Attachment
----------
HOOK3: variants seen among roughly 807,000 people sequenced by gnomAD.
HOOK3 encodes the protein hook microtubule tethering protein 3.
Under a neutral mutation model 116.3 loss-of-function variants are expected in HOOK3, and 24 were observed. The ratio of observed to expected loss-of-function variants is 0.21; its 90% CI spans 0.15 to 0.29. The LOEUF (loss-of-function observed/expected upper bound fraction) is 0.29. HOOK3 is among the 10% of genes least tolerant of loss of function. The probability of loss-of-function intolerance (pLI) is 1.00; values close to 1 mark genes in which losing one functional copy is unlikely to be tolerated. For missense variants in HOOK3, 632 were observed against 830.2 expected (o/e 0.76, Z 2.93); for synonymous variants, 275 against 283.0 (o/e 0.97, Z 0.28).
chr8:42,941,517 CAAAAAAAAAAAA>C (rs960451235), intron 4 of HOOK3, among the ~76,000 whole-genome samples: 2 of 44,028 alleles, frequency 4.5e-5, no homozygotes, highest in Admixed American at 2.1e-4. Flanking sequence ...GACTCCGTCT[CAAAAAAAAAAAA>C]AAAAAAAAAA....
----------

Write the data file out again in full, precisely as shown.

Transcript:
HOOK3: variants seen among roughly 807,000 people sequenced by gnomAD.
HOOK3 encodes the protein hook microtubule tethering protein 3.
Under a neutral mutation model 116.3 loss-of-function variants are expected in HOOK3, and 24 were observed. The ratio of observed to expected loss-of-function variants is 0.21; its 90% CI spans 0.15 to 0.29. The LOEUF (loss-of-function observed/expected upper bound fraction) is 0.29. HOOK3 is among the 10% of genes least tolerant of loss of function. The probability of loss-of-function intolerance (pLI) is 1.00; values close to 1 mark genes in which losing one functional copy is unlikely to be tolerated. For missense variants in HOOK3, 632 were observed against 830.2 expected (o/e 0.76, Z 2.93); for synonymous variants, 275 against 283.0 (o/e 0.97, Z 0.28).
chr8:42,941,517 CAAAAAAAAAAAA>C (rs960451235), intron 4 of HOOK3, among the ~76,000 whole-genome samples: 2 of 44,028 alleles, frequency 4.5e-5, no homozygotes, highest in Admixed American at 2.1e-4. Flanking sequence ...GACTCCGTCT[CAAAAAAAAAAAA>C]AAAAAAAAAA....